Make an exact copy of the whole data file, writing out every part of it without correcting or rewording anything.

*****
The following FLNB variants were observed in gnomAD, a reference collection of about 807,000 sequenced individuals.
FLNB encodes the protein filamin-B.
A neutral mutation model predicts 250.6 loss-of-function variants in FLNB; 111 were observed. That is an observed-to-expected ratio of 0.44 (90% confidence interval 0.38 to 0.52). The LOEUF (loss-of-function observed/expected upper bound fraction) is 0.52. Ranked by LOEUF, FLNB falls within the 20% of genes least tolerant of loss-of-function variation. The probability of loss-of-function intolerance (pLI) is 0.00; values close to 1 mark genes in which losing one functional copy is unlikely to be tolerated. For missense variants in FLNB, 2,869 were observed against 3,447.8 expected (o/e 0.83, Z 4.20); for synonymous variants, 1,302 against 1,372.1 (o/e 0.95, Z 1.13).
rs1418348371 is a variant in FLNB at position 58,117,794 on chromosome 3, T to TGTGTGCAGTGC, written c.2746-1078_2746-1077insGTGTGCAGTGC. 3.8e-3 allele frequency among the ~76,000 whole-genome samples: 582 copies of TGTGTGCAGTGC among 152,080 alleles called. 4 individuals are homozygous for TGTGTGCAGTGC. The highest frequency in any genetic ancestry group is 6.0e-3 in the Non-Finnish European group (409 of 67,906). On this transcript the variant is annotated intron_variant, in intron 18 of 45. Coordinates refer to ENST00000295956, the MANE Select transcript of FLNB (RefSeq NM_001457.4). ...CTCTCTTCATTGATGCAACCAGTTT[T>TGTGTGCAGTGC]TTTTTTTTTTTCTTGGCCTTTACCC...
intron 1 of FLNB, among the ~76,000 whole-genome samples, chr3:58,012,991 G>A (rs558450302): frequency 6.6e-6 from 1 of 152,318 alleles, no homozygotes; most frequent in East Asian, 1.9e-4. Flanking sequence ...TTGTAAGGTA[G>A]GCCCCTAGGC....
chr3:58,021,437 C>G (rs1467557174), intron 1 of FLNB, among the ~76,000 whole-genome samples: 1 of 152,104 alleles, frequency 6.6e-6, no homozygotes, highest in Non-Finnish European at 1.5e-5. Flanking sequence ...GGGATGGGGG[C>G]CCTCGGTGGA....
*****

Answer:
The following FLNB variants were observed in gnomAD, a reference collection of about 807,000 sequenced individuals.
FLNB encodes the protein filamin-B.
A neutral mutation model predicts 250.6 loss-of-function variants in FLNB; 111 were observed. That is an observed-to-expected ratio of 0.44 (90% confidence interval 0.38 to 0.52). The LOEUF (loss-of-function observed/expected upper bound fraction) is 0.52. Ranked by LOEUF, FLNB falls within the 20% of genes least tolerant of loss-of-function variation. The probability of loss-of-function intolerance (pLI) is 0.00; values close to 1 mark genes in which losing one functional copy is unlikely to be tolerated. For missense variants in FLNB, 2,869 were observed against 3,447.8 expected (o/e 0.83, Z 4.20); for synonymous variants, 1,302 against 1,372.1 (o/e 0.95, Z 1.13).
rs1418348371 is a variant in FLNB at position 58,117,794 on chromosome 3, T to TGTGTGCAGTGC, written c.2746-1078_2746-1077insGTGTGCAGTGC. 3.8e-3 allele frequency among the ~76,000 whole-genome samples: 582 copies of TGTGTGCAGTGC among 152,080 alleles called. 4 individuals are homozygous for TGTGTGCAGTGC. The highest frequency in any genetic ancestry group is 6.0e-3 in the Non-Finnish European group (409 of 67,906). On this transcript the variant is annotated intron_variant, in intron 18 of 45. Coordinates refer to ENST00000295956, the MANE Select transcript of FLNB (RefSeq NM_001457.4). ...CTCTCTTCATTGATGCAACCAGTTT[T>TGTGTGCAGTGC]TTTTTTTTTTTCTTGGCCTTTACCC...
intron 1 of FLNB, among the ~76,000 whole-genome samples, chr3:58,012,991 G>A (rs558450302): frequency 6.6e-6 from 1 of 152,318 alleles, no homozygotes; most frequent in East Asian, 1.9e-4. Flanking sequence ...TTGTAAGGTA[G>A]GCCCCTAGGC....
chr3:58,021,437 C>G (rs1467557174), intron 1 of FLNB, among the ~76,000 whole-genome samples: 1 of 152,104 alleles, frequency 6.6e-6, no homozygotes, highest in Non-Finnish European at 1.5e-5. Flanking sequence ...GGGATGGGGG[C>G]CCTCGGTGGA....